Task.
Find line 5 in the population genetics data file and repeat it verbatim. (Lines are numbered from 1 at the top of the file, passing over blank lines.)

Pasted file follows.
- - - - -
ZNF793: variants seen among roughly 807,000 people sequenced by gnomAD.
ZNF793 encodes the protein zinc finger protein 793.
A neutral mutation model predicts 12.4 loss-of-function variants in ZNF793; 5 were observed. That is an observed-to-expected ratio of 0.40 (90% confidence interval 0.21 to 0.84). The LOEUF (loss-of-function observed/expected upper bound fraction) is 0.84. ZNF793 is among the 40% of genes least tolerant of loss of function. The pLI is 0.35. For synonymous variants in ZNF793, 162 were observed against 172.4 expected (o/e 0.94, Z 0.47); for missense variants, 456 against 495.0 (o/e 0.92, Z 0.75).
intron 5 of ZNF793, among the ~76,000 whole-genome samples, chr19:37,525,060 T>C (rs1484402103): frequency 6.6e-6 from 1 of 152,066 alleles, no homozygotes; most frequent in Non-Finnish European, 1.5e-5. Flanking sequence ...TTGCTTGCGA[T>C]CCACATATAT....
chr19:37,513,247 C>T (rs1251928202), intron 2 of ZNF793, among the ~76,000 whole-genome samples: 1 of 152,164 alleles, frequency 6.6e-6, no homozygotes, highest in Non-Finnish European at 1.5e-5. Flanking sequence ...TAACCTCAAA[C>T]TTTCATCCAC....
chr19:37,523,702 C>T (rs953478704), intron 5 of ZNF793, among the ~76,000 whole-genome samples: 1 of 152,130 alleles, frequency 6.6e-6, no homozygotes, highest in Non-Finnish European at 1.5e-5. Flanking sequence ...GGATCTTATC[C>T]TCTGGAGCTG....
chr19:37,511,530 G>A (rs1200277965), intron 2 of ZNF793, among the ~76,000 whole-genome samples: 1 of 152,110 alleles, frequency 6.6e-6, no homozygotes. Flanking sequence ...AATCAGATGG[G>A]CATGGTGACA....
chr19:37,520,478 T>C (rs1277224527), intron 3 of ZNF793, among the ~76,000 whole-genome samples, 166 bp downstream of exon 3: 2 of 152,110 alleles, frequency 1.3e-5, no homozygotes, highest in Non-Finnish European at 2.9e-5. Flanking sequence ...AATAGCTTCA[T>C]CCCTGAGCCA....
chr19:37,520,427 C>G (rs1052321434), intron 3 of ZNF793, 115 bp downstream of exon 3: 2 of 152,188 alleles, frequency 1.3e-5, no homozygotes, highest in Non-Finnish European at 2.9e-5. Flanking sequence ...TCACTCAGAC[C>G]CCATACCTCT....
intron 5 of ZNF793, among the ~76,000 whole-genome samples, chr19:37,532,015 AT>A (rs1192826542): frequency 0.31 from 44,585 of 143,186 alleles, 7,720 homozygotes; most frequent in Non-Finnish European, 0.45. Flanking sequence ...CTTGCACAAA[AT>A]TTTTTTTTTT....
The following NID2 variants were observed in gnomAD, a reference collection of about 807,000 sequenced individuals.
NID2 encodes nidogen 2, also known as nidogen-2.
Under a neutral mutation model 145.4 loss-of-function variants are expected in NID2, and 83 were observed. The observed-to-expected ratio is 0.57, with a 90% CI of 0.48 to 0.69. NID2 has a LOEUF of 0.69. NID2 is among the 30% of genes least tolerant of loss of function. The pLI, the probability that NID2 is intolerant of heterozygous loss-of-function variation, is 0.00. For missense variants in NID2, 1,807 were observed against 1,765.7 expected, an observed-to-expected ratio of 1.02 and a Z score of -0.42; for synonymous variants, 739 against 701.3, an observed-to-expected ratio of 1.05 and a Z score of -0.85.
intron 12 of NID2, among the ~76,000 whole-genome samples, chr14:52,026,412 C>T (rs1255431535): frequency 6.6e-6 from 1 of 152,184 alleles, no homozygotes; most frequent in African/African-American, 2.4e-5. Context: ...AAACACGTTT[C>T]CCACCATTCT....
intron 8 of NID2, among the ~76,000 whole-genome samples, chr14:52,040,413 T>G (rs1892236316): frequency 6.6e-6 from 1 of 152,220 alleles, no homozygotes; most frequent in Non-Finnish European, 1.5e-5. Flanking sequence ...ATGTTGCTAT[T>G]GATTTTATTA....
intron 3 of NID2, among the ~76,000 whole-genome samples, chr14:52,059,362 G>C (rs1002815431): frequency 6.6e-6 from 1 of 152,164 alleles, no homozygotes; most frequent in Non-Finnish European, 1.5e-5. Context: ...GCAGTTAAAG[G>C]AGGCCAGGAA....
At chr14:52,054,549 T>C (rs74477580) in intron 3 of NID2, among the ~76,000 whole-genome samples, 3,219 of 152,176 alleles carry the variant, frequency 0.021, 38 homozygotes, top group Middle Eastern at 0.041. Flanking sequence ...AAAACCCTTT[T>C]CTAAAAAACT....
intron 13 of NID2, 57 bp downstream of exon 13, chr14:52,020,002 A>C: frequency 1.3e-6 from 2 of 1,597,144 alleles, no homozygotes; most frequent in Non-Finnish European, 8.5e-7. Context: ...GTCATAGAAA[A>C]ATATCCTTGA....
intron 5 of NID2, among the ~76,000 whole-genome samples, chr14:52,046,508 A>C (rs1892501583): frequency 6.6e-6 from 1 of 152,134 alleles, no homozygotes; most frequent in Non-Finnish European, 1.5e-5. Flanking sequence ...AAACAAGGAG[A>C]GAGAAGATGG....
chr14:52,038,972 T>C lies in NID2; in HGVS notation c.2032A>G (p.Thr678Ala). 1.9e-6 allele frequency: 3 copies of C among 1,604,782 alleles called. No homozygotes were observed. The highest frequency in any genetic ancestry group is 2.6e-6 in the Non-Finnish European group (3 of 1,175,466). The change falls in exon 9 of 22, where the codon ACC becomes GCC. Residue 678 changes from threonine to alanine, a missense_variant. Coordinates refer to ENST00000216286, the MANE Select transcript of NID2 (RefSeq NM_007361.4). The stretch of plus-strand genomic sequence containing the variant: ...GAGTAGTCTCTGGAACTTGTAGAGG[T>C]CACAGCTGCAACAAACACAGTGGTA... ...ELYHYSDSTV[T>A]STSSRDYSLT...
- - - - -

chr19:37,513,247 C>T (rs1251928202), intron 2 of ZNF793, among the ~76,000 whole-genome samples: 1 of 152,164 alleles, frequency 6.6e-6, no homozygotes, highest in Non-Finnish European at 1.5e-5. Flanking sequence ...TAACCTCAAA[C>T]TTTCATCCAC....